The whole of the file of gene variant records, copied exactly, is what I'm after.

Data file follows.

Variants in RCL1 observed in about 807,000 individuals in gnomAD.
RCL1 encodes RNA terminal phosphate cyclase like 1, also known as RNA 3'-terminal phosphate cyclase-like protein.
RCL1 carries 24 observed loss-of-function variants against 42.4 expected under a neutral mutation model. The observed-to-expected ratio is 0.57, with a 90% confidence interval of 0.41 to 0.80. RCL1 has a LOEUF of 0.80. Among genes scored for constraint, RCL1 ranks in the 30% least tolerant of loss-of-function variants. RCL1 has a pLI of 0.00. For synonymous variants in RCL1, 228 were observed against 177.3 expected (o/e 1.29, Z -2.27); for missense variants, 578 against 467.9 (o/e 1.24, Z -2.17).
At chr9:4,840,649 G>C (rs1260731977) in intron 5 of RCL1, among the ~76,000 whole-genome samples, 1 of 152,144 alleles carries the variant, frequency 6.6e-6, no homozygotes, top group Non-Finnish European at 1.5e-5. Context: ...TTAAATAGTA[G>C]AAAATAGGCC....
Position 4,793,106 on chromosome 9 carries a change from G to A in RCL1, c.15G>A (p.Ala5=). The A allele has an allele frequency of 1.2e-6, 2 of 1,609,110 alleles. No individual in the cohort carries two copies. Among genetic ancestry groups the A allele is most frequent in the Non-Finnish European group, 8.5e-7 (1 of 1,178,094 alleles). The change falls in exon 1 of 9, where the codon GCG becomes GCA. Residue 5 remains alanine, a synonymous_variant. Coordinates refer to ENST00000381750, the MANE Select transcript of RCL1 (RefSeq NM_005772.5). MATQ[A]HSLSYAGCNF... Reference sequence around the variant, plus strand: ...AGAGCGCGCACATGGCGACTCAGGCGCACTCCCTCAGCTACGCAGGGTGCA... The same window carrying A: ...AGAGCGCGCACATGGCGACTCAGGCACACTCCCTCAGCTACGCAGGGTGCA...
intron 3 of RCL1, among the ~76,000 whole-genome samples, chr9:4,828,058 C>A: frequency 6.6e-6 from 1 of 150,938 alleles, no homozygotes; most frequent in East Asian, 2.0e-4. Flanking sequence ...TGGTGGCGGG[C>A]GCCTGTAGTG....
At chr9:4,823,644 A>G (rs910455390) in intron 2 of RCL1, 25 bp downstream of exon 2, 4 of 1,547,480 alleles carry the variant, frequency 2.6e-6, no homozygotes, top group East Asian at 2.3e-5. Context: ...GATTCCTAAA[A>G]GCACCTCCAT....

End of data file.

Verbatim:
Variants in RCL1 observed in about 807,000 individuals in gnomAD.
RCL1 encodes RNA terminal phosphate cyclase like 1, also known as RNA 3'-terminal phosphate cyclase-like protein.
RCL1 carries 24 observed loss-of-function variants against 42.4 expected under a neutral mutation model. The observed-to-expected ratio is 0.57, with a 90% confidence interval of 0.41 to 0.80. RCL1 has a LOEUF of 0.80. Among genes scored for constraint, RCL1 ranks in the 30% least tolerant of loss-of-function variants. RCL1 has a pLI of 0.00. For synonymous variants in RCL1, 228 were observed against 177.3 expected (o/e 1.29, Z -2.27); for missense variants, 578 against 467.9 (o/e 1.24, Z -2.17).
At chr9:4,840,649 G>C (rs1260731977) in intron 5 of RCL1, among the ~76,000 whole-genome samples, 1 of 152,144 alleles carries the variant, frequency 6.6e-6, no homozygotes, top group Non-Finnish European at 1.5e-5. Context: ...TTAAATAGTA[G>C]AAAATAGGCC....
Position 4,793,106 on chromosome 9 carries a change from G to A in RCL1, c.15G>A (p.Ala5=). The A allele has an allele frequency of 1.2e-6, 2 of 1,609,110 alleles. No individual in the cohort carries two copies. Among genetic ancestry groups the A allele is most frequent in the Non-Finnish European group, 8.5e-7 (1 of 1,178,094 alleles). The change falls in exon 1 of 9, where the codon GCG becomes GCA. Residue 5 remains alanine, a synonymous_variant. Coordinates refer to ENST00000381750, the MANE Select transcript of RCL1 (RefSeq NM_005772.5). MATQ[A]HSLSYAGCNF... Reference sequence around the variant, plus strand: ...AGAGCGCGCACATGGCGACTCAGGCGCACTCCCTCAGCTACGCAGGGTGCA... The same window carrying A: ...AGAGCGCGCACATGGCGACTCAGGCACACTCCCTCAGCTACGCAGGGTGCA...
intron 3 of RCL1, among the ~76,000 whole-genome samples, chr9:4,828,058 C>A: frequency 6.6e-6 from 1 of 150,938 alleles, no homozygotes; most frequent in East Asian, 2.0e-4. Flanking sequence ...TGGTGGCGGG[C>A]GCCTGTAGTG....
At chr9:4,823,644 A>G (rs910455390) in intron 2 of RCL1, 25 bp downstream of exon 2, 4 of 1,547,480 alleles carry the variant, frequency 2.6e-6, no homozygotes, top group East Asian at 2.3e-5. Context: ...GATTCCTAAA[A>G]GCACCTCCAT....